Beyond Skin

March 18, 2010
By Silhouette_Dreams BRONZE, Cicero, New York
Silhouette_Dreams BRONZE, Cicero, New York
2 articles 0 photos 0 comments

He moves like an alien.

Spastic movements flow from one to another, his leg straightens, and his head tilts up; mouth wide open. One step and than another, and he’s soaring across the dance floor. In reality, it’s only a few feet, but it looks like he’s leaping over mountains, spreading wings and floating across polluted skies. You wonder when he’ll fall, if he’ll hurt himself.

Of course, he lands with grace.

When he turns around, whipping into another spin—his face glowing with perspiration and the glitter splattered leotard clinging to his skin—you’re overcome by memories, blinking tears away as the images come rushing through.

You can see yourself eighteen years earlier, pushing a minuscule body and warm blood out of your womb. You remember holding the infant boy close, feeling the slight thump of this heartbeat, colliding so frequently with your own. You remember how, at that exact moment, you’d made a list of all the possibilities that lay in the small body; all the things that he could accomplish.

The list breathes to life in your head.

""He’d watch educational television only, and not because he had to, but because he wanted to. He’d grow up healthy and strong, always encouraging you and your husband to be more like him. Soon, he’d be so muscular and strong that he could life you with ease, a bright smile planted on his face.

He’d join all the sports teams; soccer, baseball, basketball, lacrosse…anything and everything, and with every sport joined, another MVP award would be won. He’d become a near prodigy; a legend; the ‘It’ guy at school. The one all the girls wanted to be with, and all the guys wanted to be.

And every night, a different girl would call, begging to talk to him and hear his masculine yet soft voice. And with every call, you’d peek into his room, watching him at his desk, heavily invested in school work. The beam from his lamp would cast a shadow of light over him, over his skin, and you’d only be able to smile.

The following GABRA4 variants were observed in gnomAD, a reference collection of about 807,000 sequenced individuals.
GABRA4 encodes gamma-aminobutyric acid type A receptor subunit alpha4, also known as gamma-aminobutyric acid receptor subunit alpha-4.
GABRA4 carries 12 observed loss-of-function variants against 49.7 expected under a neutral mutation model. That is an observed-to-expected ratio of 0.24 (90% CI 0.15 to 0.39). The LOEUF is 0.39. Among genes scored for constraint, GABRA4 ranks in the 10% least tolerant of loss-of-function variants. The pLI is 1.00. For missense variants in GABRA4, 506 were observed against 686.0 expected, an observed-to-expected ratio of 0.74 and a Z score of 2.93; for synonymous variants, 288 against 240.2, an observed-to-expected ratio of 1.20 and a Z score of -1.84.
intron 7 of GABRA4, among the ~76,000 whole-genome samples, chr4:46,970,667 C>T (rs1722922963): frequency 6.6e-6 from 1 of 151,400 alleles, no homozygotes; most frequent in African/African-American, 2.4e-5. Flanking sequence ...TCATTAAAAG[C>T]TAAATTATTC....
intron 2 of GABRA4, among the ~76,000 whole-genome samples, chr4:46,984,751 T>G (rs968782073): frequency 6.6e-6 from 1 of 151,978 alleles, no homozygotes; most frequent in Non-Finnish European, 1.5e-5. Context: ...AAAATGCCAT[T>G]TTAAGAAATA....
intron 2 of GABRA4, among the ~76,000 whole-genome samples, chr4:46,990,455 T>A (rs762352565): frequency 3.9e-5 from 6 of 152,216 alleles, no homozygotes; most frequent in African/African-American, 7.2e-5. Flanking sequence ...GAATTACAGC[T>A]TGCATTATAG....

“Sorry, he’s busy at the moment…” you’d always say without regret, watching as the homework was shuffled and put neatly into a folder.

He’d write down all his goals in a notebook, form the simple (get an A on science test) to the more difficult (get an A+ in all classes). He’d cross every item off when reached and, with every single one crossed, he’d get closer and closer to the sky, until he could touch the clouds easily.

And then he would fly, higher than any human had before.""

It’s strange how things change, how easily dreams shift until reality sets in with a booming crash and a wave of heavy emotions.

""Your dreams for him had never been his own.

He’d never wanted girls begging to talk with him, be with him; shoving his door down in angry desperation.

He never wanted to become the school’s hero, the one everyone would brag about knowing.

He never wanted to become like the Incredible Hulk; mere meat and muscles enveloping over a minuscule heart.

All he’d ever wanted to do was jump over everyone, everything.

He’d only wanted to fly.""

Right now, the tears fog up your eyes so badly that you can barely see him as he dips and dives, leaping circles around the other dancers, doing what he’s always longed to do, and unstoppable in his element. As you let the tears fall, you let the truth as over you as well, all the things you’ve ever denied knowing and seeing.